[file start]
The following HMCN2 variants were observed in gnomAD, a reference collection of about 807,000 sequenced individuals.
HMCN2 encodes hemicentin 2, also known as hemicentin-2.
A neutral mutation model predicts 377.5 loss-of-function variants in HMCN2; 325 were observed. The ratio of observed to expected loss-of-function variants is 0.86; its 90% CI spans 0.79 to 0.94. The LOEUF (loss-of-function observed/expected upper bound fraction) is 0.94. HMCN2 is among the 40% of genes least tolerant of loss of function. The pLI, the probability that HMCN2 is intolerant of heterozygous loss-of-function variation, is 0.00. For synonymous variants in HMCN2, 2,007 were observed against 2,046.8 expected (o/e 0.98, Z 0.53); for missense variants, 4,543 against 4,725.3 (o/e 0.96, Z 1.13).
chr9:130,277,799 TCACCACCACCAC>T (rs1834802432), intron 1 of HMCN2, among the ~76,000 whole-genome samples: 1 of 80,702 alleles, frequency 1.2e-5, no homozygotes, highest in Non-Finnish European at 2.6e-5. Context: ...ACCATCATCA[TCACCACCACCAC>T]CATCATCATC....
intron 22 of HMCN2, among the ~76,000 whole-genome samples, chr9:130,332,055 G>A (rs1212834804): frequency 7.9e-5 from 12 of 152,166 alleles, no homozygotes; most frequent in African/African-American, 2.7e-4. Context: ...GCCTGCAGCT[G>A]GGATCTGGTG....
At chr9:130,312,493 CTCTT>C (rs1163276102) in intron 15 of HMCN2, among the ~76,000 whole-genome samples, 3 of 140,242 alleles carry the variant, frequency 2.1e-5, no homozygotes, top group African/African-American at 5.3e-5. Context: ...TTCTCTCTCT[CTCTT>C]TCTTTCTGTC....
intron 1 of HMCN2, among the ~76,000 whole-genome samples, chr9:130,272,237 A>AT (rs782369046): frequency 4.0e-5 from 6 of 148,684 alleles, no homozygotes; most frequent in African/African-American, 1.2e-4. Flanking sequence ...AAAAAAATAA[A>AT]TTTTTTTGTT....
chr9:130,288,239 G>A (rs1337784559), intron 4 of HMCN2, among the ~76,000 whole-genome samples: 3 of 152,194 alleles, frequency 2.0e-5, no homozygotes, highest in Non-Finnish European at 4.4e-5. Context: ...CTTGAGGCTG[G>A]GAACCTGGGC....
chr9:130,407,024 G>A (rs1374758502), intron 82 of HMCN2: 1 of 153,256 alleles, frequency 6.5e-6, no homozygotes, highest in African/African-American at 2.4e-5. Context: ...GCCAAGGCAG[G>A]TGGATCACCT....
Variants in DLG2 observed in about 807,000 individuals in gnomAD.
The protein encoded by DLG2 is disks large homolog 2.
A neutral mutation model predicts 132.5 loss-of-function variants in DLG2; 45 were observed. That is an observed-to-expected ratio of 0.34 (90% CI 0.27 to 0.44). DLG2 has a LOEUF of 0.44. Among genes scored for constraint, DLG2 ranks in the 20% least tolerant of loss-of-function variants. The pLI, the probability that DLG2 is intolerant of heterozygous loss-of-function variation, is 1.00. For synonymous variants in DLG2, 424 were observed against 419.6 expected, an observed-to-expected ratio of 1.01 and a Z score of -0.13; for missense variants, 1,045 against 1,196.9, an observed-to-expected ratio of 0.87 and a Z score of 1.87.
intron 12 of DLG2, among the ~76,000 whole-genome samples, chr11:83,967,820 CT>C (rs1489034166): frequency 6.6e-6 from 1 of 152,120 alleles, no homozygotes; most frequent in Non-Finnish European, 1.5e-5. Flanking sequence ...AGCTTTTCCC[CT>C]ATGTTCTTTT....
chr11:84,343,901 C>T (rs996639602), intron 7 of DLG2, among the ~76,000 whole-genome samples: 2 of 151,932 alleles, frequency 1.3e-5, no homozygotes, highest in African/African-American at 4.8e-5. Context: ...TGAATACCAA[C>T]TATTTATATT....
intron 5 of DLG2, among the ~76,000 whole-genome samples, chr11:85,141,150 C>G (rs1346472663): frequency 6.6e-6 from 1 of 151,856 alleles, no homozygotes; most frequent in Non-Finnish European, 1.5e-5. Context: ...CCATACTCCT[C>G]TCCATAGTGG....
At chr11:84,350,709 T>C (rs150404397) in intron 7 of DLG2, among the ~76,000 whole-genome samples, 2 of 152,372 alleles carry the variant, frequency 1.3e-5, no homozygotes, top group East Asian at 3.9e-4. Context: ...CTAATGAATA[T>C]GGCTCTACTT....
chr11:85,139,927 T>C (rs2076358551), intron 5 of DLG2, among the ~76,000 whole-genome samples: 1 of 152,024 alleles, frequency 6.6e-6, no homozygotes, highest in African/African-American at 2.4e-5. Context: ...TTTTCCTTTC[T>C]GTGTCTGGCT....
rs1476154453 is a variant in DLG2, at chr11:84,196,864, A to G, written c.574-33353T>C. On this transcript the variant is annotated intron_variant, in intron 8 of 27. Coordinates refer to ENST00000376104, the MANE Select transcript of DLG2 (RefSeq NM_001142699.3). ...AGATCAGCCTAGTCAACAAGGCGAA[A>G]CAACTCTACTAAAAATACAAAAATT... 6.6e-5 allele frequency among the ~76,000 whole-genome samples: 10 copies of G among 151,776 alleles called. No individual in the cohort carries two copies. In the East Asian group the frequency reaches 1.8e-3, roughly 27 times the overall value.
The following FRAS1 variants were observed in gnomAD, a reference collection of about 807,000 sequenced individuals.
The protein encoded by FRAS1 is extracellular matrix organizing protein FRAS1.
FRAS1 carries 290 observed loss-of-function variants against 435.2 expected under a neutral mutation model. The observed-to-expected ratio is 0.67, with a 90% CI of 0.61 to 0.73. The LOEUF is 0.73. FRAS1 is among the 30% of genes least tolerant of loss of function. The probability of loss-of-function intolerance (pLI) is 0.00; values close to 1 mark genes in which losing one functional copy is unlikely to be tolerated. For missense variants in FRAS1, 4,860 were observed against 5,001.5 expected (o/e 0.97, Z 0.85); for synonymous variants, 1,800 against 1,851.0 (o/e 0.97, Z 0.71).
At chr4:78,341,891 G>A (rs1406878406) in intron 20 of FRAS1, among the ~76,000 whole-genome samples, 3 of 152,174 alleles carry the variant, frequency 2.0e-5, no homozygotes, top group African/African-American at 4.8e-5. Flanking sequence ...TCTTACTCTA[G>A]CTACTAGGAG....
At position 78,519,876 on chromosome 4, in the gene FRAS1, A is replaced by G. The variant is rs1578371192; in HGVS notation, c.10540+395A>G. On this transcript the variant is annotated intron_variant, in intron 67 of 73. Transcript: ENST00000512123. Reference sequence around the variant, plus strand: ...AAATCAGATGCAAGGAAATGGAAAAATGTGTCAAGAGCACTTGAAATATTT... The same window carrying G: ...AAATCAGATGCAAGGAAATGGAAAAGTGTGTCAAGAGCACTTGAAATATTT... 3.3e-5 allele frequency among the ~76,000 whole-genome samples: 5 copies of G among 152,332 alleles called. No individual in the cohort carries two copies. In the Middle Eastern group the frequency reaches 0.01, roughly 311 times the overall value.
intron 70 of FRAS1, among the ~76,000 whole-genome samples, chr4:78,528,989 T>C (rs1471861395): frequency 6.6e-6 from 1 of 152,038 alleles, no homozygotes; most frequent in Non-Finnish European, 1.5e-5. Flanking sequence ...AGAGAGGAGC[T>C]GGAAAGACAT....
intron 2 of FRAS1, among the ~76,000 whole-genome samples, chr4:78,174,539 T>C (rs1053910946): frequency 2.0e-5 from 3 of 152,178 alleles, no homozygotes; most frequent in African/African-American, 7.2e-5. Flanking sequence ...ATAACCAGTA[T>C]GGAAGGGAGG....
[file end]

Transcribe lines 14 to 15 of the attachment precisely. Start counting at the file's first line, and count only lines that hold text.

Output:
chr11:84,343,901 C>T (rs996639602), intron 7 of DLG2, among the ~76,000 whole-genome samples: 2 of 151,932 alleles, frequency 1.3e-5, no homozygotes, highest in African/African-American at 4.8e-5. Context: ...TGAATACCAA[C>T]TATTTATATT....
intron 5 of DLG2, among the ~76,000 whole-genome samples, chr11:85,141,150 C>G (rs1346472663): frequency 6.6e-6 from 1 of 151,856 alleles, no homozygotes; most frequent in Non-Finnish European, 1.5e-5. Context: ...CCATACTCCT[C>G]TCCATAGTGG....